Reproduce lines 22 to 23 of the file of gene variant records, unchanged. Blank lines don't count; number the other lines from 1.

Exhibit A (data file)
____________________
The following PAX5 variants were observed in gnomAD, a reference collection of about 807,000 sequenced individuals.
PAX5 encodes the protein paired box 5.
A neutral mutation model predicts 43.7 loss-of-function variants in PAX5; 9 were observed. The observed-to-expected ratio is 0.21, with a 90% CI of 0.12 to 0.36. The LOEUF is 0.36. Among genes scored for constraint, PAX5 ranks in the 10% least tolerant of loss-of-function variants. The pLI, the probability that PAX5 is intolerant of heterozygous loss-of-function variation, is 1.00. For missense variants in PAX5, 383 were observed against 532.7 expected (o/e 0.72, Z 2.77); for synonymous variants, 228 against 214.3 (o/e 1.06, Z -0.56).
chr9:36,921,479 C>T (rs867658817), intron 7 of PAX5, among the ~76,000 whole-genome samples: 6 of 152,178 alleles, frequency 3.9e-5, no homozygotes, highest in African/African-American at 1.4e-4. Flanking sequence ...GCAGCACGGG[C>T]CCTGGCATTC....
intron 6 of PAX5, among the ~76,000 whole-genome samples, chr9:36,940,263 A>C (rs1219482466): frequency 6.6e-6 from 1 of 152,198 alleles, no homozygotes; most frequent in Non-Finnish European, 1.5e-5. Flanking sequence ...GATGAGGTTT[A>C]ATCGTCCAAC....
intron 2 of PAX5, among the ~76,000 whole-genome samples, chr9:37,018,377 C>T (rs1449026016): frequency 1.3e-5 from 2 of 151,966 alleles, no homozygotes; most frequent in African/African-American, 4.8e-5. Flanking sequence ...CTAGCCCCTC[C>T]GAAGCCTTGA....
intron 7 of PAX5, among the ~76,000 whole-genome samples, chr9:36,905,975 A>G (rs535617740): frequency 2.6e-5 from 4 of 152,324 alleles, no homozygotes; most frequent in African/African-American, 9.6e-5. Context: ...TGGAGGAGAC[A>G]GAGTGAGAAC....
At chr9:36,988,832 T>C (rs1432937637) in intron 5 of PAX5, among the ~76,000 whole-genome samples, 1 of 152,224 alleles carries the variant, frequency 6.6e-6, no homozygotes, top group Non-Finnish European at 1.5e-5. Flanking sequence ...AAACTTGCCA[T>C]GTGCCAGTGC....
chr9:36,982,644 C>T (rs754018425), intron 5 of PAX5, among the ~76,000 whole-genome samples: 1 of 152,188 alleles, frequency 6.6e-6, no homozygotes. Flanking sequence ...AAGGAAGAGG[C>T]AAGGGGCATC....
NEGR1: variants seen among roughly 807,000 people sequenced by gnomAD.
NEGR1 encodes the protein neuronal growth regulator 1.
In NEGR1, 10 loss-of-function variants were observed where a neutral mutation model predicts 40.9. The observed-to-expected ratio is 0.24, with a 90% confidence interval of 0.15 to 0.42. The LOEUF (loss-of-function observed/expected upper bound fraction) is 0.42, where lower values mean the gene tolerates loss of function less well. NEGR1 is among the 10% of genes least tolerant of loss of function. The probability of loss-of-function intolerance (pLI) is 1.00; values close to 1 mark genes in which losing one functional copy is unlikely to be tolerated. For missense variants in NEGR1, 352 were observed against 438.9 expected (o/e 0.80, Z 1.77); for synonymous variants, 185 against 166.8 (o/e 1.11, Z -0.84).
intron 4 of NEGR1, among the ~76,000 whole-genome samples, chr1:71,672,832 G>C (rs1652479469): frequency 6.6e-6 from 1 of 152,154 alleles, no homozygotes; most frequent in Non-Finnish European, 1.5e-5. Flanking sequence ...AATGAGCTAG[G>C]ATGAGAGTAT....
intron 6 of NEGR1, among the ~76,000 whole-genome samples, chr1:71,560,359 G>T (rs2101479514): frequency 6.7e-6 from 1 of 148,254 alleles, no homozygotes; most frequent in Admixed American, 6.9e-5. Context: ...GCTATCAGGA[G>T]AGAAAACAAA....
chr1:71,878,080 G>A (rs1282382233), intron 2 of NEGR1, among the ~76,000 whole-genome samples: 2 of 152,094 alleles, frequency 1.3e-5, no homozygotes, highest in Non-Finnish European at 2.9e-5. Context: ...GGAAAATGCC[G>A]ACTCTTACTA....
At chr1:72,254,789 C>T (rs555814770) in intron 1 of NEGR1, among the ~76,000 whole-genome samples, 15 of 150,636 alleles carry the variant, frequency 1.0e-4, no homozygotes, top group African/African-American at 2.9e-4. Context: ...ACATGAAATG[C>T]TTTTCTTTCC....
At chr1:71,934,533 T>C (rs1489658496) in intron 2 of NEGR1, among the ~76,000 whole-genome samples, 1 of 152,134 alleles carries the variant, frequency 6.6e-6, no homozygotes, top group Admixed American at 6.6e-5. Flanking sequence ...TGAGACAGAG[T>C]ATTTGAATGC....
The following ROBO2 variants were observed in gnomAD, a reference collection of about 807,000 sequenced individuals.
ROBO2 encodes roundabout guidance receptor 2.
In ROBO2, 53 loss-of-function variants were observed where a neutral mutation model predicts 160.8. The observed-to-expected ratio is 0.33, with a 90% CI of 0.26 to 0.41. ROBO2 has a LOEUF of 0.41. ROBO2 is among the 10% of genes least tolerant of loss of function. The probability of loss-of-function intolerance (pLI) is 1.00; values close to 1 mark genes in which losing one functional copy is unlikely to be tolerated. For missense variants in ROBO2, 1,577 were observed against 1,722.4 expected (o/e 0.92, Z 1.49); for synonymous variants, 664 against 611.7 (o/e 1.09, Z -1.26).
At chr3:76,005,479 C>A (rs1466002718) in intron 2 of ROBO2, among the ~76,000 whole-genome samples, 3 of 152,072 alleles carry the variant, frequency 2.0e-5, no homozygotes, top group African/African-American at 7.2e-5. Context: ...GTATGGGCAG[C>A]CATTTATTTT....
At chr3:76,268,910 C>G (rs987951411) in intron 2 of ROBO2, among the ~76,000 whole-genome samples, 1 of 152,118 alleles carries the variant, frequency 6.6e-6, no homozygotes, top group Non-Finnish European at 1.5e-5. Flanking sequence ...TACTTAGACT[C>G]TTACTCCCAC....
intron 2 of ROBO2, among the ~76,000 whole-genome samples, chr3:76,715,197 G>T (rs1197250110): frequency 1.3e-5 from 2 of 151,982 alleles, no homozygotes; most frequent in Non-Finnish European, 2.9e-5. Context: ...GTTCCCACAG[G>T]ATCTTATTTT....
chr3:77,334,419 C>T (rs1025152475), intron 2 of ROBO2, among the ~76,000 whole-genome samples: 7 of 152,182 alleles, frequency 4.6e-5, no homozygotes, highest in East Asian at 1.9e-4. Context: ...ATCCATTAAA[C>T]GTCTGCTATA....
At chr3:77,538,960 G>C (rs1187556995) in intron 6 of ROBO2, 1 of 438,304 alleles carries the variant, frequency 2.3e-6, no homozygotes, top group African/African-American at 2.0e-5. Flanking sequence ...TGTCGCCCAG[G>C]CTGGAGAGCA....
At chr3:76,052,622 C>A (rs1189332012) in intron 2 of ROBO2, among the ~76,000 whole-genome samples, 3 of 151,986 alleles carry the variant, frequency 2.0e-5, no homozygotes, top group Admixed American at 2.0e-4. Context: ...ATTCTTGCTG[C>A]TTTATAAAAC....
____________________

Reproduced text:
At chr3:76,268,910 C>G (rs987951411) in intron 2 of ROBO2, among the ~76,000 whole-genome samples, 1 of 152,118 alleles carries the variant, frequency 6.6e-6, no homozygotes, top group Non-Finnish European at 1.5e-5. Flanking sequence ...TACTTAGACT[C>G]TTACTCCCAC....
intron 2 of ROBO2, among the ~76,000 whole-genome samples, chr3:76,715,197 G>T (rs1197250110): frequency 1.3e-5 from 2 of 151,982 alleles, no homozygotes; most frequent in Non-Finnish European, 2.9e-5. Context: ...GTTCCCACAG[G>T]ATCTTATTTT....